We're back. From England, that is. It was a great place to visit and get to know, but of course I have tons of opinions I need to share with you all. So here we go:
1. Not all British people have jacked-up teeth. It was the first thing I investigated, beeeeelieve me. In fact, it seems they have pretty good dental plans over there and that most of them are indeed flossing.
2. I'm not sure why, but England has a very poor potty situation going on. In many ways. Here's the sitch: if/when you DO have to go, finding a potty is tough. They hide their potties very well. It's almost as if they're embarrassed at the thought of peeing/pooping. I wanted to wear a button that said "Even the Queen poops." But, for me, nope, not enough potties for my general comfort. I mean, I drink tons of water. Tons of water = many trips to the loo. Supply me with facilities puuuleeeze. Then, once you do finally find the coveted "toilets" as they call them, it's an adventure. Now, first let me start with a complement. I love their potty doors. They go all the way to the floor. That's where the U.S. has a major breakdown in potty policy. I don't like the fact that in a public restroom, the door only comes down to about 18" above the floor. Why can't it be a full-sized door??? The U.K. got this part of the "toileting" right. But it stops there. Once you do your business, the U.K. wants to really, really jip you on the t.p. (toilet paper, that is). The dispenser gives it to you in SINGLE SHEETS!! What's that all about??? It takes a good 3 to 4 minutes just to get a sufficient amount of t.p. in hand! Then when you try to flush your "stuff".....OMG. Their plumbing is ridiculous. There's no water pressure, no heavy flush, nothing. A small trickle of water comes down...if you're lucky. So what's that mean to the potty-goer? It means you get the former potty-goer's leftovers, that's what!!!! Not nice. So here's my thing: I need more potties, more paper, and more flush please. Just more of everything....except for my neighbor's leftovers. Less of that and more of the aforementioned and the potty sitch will be golden.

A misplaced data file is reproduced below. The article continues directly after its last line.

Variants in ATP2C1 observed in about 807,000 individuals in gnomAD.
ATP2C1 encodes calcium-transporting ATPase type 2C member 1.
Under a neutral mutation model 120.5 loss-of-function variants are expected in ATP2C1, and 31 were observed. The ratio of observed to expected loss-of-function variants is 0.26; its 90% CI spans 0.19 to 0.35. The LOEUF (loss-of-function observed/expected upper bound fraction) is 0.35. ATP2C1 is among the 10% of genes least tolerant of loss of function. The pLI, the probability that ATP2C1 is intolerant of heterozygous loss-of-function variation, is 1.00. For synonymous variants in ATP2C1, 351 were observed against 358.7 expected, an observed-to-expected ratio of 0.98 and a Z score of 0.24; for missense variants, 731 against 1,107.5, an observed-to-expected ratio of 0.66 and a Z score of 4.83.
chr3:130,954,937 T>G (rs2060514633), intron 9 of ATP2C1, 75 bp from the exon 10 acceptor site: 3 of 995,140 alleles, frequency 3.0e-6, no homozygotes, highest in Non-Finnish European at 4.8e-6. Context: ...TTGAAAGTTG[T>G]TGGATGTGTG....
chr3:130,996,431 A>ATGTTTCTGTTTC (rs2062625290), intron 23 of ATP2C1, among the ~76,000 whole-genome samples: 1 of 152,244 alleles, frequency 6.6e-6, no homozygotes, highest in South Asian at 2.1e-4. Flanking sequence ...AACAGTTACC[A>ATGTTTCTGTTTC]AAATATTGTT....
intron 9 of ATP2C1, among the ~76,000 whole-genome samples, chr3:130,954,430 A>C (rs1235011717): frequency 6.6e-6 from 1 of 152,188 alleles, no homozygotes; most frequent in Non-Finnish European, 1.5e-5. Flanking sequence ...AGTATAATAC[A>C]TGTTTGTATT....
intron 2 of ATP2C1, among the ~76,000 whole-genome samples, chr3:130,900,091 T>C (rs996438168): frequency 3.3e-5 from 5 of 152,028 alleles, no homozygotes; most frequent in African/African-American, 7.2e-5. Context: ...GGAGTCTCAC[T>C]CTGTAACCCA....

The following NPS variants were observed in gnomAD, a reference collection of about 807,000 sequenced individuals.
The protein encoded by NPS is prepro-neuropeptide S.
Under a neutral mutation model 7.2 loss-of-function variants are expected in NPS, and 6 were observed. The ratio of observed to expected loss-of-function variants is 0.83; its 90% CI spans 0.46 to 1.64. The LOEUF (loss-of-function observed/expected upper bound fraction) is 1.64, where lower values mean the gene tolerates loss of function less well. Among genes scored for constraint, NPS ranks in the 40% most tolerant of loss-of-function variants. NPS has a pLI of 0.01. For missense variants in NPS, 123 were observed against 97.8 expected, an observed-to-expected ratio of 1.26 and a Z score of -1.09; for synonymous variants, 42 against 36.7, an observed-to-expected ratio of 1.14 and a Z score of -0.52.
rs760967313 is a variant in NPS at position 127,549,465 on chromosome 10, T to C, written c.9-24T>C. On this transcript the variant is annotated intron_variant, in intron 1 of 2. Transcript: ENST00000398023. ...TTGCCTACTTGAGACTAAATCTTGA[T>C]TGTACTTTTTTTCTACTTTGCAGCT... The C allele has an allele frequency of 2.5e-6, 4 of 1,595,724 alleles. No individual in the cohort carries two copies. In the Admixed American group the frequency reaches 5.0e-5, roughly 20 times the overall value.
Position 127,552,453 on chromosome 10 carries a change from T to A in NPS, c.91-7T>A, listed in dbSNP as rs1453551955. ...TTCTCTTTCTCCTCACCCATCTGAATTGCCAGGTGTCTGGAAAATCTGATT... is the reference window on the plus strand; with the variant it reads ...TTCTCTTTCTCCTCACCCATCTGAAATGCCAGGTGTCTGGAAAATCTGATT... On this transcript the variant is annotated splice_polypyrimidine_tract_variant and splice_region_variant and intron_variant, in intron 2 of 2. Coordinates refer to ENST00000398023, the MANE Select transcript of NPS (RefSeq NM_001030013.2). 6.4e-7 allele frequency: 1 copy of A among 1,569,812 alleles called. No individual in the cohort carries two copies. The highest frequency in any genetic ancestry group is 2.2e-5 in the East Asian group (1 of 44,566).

3. You know I've got to talk about the driving dealio. Why drive on the left side? As far as my research tells me, the U.K. is by far in the minority by choosing to drive on the left. And they're so uppity about it. Anytime someone would ask me how I was managing with my driving, if I'd dare say I was having difficulty getting used to driving on the wrong side of the road, those crazy Brits would give me a lathering. Whatevs, I left my mark on a few curbs and our rental car (I simply couldn't judge the left side and curb-surfed way too much for Pauly's liking).
4. That English tea. Yum. Double yum. Now anyone who hangs with me regularly knows that I love tea. Need tea to survive. Hot tea, cold tea. Just tea. I don't do coffee so tea is my caffeine hit to get me through the day. But, wow. The tea I had while in England???? It was like no other tea I've had. I brought 2 boxes home but I already fear the end of those teabags!!! So, yes, I love their tea habits and the respect they give tea. They do tea properly - with little cakes and lots of sugar. Mmmmmmmm. Now how do I get a steady IV drip of their tea going through my veins???
5. Their weather. Let's just say I didn't worry about getting a sunburn. And I'm always the one voted "Most Likely to Look Like the Lobster" whenever the sun is shining anywhere. There was not a good hair day in sight for the entire 7 days I was there. I have no idea how anyone ever looks good in England.
6. The food. Oh, the food. Was it really food? Or was it just white bread and mayonnaise? And little disgusting sausages and brown lumpy gravy? Holy crap...I couldn't eat a thing besides Corn Flakes with whole milk that I diluted with water. It was a really bad food sitch for poor lil' me. England doesn't like semi-vegetarians. At all. In fact, they throw bangers and mash at them and laugh while doing so...
I guess I could tell you more, but I don't want you to think that I disliked my trip. It was fun and new and exciting even though some things were scary and uncomfortable. It would have been more fun if Pauly wasn't working so much, but hey, that's why we were there in the first place. Zeke and I were our own little tourguides and discovered tons of things together. Over "dinner", we'd tell Pauly all about our day and what we had found. One thing I noticed that was enlightening: a 4-year-old is a wonderful travel companion. And even better, it was awesome to introduce him to a totally different country. He definitely noticed that things were different in the U.K., but assimiliated to the changes pretty quickly. He knew to ask for 20 pence for the gumball machines, remembered that the Eye of London was a major ferris-wheel type of landmark in London, and even made a little British friend while playing in a playground one afternoon. Even though she told him he talked funny, they seemed to get along fine and played for a while before saying goodbye. As they were leaving, little Layla told him to "have fun in America." Zeke told her bye and that "he liked her country." That made the trip completely worthwhile to me.